“There are so many women of color who are hiding behind their wigs and their weaves.” —Jurline Redeaux
I would have missed this point entirely had I not connected with Jurline Redeaux, a member of Black TV Film Crew and a black woman who has suffered from Alopecia for more than 30 years. In an initiative to connect with our members, we reposted member photos late last week when we came across Jurline. She posted a photo of herself in a chair, her head shiny and bald, with the caption, “Black Panther screening in Long Beach. #warriorgoddess.” I guess it was the hashtag that got me, but it was also the glow in her face, the smile, and her eyes. She seemed proud. Her photo oozed, “I am a warrior goddess.” And so we reposted it. And what happened after is what inspired this article.
“The Black Panther movie empowered me. After I saw the preview with the women who were bald, I was empowered to go to the opening bald.” —Jurline Redeaux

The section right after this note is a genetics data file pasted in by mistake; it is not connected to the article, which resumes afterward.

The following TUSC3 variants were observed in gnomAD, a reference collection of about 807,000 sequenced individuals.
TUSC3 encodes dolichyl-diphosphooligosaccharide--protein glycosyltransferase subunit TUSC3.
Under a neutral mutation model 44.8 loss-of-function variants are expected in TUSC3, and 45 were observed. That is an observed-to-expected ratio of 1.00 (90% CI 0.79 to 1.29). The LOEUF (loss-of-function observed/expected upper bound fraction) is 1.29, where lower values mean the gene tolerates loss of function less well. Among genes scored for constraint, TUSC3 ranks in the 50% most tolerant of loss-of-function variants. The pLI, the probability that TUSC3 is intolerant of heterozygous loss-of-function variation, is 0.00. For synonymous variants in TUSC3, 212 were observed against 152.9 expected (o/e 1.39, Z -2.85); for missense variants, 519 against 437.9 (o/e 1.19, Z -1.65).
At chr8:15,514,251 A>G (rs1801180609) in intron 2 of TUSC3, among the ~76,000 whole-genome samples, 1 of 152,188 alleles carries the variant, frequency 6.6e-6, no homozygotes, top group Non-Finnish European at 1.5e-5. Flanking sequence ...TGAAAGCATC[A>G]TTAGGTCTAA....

When Jurline saw that we had selected her photo on Black TV Film Crew’s Instagram page. She left this comment, “You got me crying this morning. I used to be so ashamed of my baldness that I used to sleep in my wig.”
Courtesy Jurline Redeaux instagram
Sleep in your wig? An awakening began. I perused Jurline’s Instagram and I saw a photo of the warriors of Wakanda united with a photo of black women all rocking close cropped, bald heads. I wanted to know why Jurline was ashamed. And I wanted her to know how regal she appeared in her photo. And so I responded, “You are beautiful. Your image will inspire others who struggle with baldness.”